2 oz dark chocolate, coarsely chopped (scant 1/2 cup) (I used 72% cacao)
2 T apple cider vinegar
2 tsp molasses or dark brown sugar
For the Toppings:
chopped fresh cilantro
diced red or white onion
sour cream or Greek yogurt
In a large Dutch oven or other wide heavy pot with a lid, cook the bacon over medium-high heat, stirring occasionally, until crisp and golden, 5 to 7 minutes. (I used a large enameled cast iron Dutch oven.) Using a slotted spoon, transfer the bacon to a large bowl.
Cook the turkey in the remaining bacon fat over high heat, stirring frequently and breaking up the meat into small bits with a wooden spoon, until cooked through, about 5 minutes.
Season turkey with 1 1/2 teaspoons of salt, then transfer and any juices to the bowl with the bacon.
Heat the oil in the same pot over medium to medium-high heat.
Add the onions and bell pepper and cook, stirring occasionally, until the vegetables are softened and the onions are golden, about 8 minutes.
Stir in the tomato paste and garlic and cook for 1 minute, stirring, then stir in the chipotle and adobo sauce, oregano, cumin, and 2 teaspoons of salt. Cook until fragrant, about 2 minutes.
Add the beans, crushed tomatoes, beer, stock, chocolate, and turkey-bacon mixture. Bring to a gentle simmer and cook, uncovered, stirring occasionally, until the chili is deeply flavorful, about 1 hour and 15 minutes.
Remove the pot from the heat and stir in the vinegar and molasses or brown sugar.
Adjust the seasoning, to taste. Serve hot with toppings, as desired.
I love one-pan dishes! This dish is made in the oven using one baking dish. It was also easy to prepare. 🙂 I modified the recipe due to personal preference- and to incorporate ingredients that I had readily available. I included all of the options in the recipe below.
This recipe was adapted from The New York Times, contributed by Ali Slagle. I modified the proportions and oven temperature, used celery instead of fennel, and added carrots. I also substituted sweet Italian pork sausage for hot sausage and green lentils for brown lentils. The vinegar was essential to the finished dish.
Yield: Serves 6
4 celery stalks, diced or 1fennel bulb, cored, cut into 1/2-inch wedges through the root, plus 1/4 cup fresh fennel fronds
4 large carrots, diced
1 T extra-virgin olive oil, plus more for drizzling
Kosher salt and freshly ground black pepper
2 pounds bulk hot or sweet Italian pork sausage (or fresh Italian sausages, casings removed)(or a combination)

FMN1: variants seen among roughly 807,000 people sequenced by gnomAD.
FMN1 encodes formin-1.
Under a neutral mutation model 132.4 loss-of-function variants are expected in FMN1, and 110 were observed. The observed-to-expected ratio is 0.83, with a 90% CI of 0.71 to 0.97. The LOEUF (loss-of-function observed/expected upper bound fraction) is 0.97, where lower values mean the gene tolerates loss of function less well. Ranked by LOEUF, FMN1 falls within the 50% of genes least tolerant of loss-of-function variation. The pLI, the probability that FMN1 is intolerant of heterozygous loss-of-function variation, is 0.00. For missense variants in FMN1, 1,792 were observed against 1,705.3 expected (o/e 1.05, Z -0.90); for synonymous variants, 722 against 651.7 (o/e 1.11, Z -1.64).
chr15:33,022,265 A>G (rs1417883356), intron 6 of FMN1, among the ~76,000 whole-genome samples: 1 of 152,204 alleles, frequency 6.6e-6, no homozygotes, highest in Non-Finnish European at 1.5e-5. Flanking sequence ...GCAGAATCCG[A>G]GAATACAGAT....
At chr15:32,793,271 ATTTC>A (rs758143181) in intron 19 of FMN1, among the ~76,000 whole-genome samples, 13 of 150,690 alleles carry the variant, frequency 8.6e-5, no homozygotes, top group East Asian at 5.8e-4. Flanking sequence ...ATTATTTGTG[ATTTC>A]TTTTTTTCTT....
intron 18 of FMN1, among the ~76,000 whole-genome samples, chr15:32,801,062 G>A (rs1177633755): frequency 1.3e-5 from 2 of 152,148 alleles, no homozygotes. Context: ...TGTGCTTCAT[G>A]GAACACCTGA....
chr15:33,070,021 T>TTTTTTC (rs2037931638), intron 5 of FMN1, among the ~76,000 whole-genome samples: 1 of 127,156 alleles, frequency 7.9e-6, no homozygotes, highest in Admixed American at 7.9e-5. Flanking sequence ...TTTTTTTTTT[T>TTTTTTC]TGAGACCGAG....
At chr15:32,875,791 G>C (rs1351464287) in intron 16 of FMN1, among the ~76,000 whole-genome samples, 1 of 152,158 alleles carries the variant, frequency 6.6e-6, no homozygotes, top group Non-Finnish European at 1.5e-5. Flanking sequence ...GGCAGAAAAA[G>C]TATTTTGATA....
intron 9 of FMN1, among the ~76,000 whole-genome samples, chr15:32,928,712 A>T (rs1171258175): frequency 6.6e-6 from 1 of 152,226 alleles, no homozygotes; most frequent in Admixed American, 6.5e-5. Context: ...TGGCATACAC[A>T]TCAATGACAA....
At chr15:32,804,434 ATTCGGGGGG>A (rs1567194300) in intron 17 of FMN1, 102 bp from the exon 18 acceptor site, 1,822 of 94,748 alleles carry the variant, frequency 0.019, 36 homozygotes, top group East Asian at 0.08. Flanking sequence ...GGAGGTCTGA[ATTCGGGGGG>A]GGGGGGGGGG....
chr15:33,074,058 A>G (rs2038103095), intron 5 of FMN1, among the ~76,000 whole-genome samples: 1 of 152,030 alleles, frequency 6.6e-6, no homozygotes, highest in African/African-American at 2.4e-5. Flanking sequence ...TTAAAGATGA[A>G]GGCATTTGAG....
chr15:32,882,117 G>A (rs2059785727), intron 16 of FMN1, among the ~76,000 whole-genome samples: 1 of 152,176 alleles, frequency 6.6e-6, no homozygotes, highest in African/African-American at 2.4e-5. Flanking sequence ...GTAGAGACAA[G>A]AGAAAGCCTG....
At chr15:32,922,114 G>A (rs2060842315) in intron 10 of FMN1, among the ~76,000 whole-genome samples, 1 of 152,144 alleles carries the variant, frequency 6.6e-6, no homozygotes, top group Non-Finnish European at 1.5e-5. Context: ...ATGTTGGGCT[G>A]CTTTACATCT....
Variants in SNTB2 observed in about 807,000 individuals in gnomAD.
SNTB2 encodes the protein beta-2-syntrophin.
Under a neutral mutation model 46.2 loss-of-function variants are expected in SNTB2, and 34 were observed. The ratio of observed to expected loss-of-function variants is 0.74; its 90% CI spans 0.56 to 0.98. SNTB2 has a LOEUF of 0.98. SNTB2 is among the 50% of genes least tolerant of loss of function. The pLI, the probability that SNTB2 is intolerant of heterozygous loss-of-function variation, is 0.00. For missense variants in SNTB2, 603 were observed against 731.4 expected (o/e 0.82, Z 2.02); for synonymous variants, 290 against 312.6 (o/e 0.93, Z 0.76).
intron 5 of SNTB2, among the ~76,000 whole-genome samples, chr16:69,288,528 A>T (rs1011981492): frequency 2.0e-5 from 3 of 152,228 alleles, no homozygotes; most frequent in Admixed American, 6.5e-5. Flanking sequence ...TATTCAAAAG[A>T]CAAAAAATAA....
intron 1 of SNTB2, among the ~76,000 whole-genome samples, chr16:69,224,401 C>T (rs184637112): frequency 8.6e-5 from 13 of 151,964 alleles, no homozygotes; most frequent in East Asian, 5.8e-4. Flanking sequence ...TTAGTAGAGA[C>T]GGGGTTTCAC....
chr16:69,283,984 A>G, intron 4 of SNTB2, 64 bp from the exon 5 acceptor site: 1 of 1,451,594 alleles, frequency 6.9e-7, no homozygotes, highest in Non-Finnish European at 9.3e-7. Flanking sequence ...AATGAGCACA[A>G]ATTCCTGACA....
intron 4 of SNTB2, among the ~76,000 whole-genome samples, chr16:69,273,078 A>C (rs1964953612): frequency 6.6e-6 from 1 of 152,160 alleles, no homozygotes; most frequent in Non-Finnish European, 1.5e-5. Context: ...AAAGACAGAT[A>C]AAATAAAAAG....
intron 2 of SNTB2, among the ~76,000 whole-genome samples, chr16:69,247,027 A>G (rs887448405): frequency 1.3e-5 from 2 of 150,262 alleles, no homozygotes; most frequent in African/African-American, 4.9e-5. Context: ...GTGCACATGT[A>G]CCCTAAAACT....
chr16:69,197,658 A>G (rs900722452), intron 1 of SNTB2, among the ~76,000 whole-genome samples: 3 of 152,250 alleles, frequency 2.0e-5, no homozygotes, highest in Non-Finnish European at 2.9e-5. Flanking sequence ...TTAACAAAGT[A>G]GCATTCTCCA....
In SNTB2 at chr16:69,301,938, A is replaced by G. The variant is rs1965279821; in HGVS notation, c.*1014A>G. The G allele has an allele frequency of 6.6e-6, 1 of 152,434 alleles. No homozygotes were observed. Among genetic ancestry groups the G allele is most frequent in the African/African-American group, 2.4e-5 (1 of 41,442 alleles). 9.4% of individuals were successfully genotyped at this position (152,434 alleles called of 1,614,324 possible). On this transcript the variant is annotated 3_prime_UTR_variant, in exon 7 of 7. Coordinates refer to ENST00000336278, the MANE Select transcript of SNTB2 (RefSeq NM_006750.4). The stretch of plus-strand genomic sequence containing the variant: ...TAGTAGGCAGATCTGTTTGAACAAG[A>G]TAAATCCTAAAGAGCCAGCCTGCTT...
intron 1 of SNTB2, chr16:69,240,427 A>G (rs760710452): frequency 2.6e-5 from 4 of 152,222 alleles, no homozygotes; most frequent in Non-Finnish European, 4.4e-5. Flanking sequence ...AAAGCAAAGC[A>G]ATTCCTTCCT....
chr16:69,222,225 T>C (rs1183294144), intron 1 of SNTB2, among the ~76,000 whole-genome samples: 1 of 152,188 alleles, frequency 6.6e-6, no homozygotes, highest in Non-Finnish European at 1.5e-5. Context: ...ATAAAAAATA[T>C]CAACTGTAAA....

3cups chicken stock
1 1/2cups green or brown lentils
4 to 8garlic cloves, thinly sliced
1fresh rosemary sprig
1-2tablespoons sherry vinegar, white wine vinegar or apple cider vinegar
1/2cup fresh parsley leaves, plus more for serving
Heat the oven to 425°, preferably on convection.
In a 9×13-inch baking pan or baking dish, gently toss the celery and carrots (or fennel wedges) with the olive oil to coat. Season with salt and pepper. (I used a ceramic baking dish.)
Roast until vegetables are golden brown underneath, about 10 minutes for fennel or up to 20 minutes for carrots and celery. (Fennel will not be tender at this point.)
Meanwhile, in a medium bowl, use your hands or a spoon to mix the sausage with the egg until combined. Roll the mixture into 16 (1 1/2-inch) meatballs.
Add the chicken stock, lentils, garlic and rosemary to the roasted vegetables. Stir to combine, then season with 3/4 teaspoon salt.
Place the meatballs in the lentil mixture, drizzle the meatballs with olive oil, then roast until the meatballs are browned on top and lentils are tender, 25 to 30 minutes.
Transfer the meatballs to a plate. Discard the rosemary sprig, then stir in the vinegar, parsley leaves and fennel fronds, if using (reserve a few fronds for garnishing, if desired). Season to taste with salt and pepper.
Spoon the lentils and any braising liquid onto shallow bowls and top with the meatballs.
Garnish with additional parsley leaves and fennel fronds, if desired.
I have made slow-cooker pulled chicken sandwiches in the past but felt like they would be improved with slaw. This version fulfilled that wish! We ate them on soft potato rolls with chips. It was a wonderful, casual dinner that we enjoyed outside on a beautiful night.
This recipe was adapted from Just Cook It! 145 Built-to-be-Easy Recipes that are Totally Delicious by Justin Chapple. I used broccoli slaw as a base for the cole slaw topping and opted to not toast the rolls. With minimal preparation required in the morning, it’s a great dish to serve after a busy day.
Yield: Serves 6 to 8
For the Pulled Chicken:
1 cup apple cider
1/2 cup ketchup